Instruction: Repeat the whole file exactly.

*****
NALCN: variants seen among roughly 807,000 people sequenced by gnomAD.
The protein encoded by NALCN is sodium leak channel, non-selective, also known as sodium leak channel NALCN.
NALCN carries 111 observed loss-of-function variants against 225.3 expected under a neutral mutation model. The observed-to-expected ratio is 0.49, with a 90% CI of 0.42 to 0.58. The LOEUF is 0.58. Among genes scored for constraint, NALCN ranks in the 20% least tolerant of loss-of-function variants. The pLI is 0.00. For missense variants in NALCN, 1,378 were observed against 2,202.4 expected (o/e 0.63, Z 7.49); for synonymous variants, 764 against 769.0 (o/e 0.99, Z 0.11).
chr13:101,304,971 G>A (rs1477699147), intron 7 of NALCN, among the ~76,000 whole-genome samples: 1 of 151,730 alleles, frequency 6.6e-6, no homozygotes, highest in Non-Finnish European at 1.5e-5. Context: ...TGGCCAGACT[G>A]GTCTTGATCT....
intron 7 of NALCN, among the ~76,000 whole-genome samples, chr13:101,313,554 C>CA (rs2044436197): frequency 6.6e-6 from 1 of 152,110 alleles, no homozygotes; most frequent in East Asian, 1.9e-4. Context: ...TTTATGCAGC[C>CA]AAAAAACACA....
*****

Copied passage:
NALCN: variants seen among roughly 807,000 people sequenced by gnomAD.
The protein encoded by NALCN is sodium leak channel, non-selective, also known as sodium leak channel NALCN.
NALCN carries 111 observed loss-of-function variants against 225.3 expected under a neutral mutation model. The observed-to-expected ratio is 0.49, with a 90% CI of 0.42 to 0.58. The LOEUF is 0.58. Among genes scored for constraint, NALCN ranks in the 20% least tolerant of loss-of-function variants. The pLI is 0.00. For missense variants in NALCN, 1,378 were observed against 2,202.4 expected (o/e 0.63, Z 7.49); for synonymous variants, 764 against 769.0 (o/e 0.99, Z 0.11).
chr13:101,304,971 G>A (rs1477699147), intron 7 of NALCN, among the ~76,000 whole-genome samples: 1 of 151,730 alleles, frequency 6.6e-6, no homozygotes, highest in Non-Finnish European at 1.5e-5. Context: ...TGGCCAGACT[G>A]GTCTTGATCT....
intron 7 of NALCN, among the ~76,000 whole-genome samples, chr13:101,313,554 C>CA (rs2044436197): frequency 6.6e-6 from 1 of 152,110 alleles, no homozygotes; most frequent in East Asian, 1.9e-4. Context: ...TTTATGCAGC[C>CA]AAAAAACACA....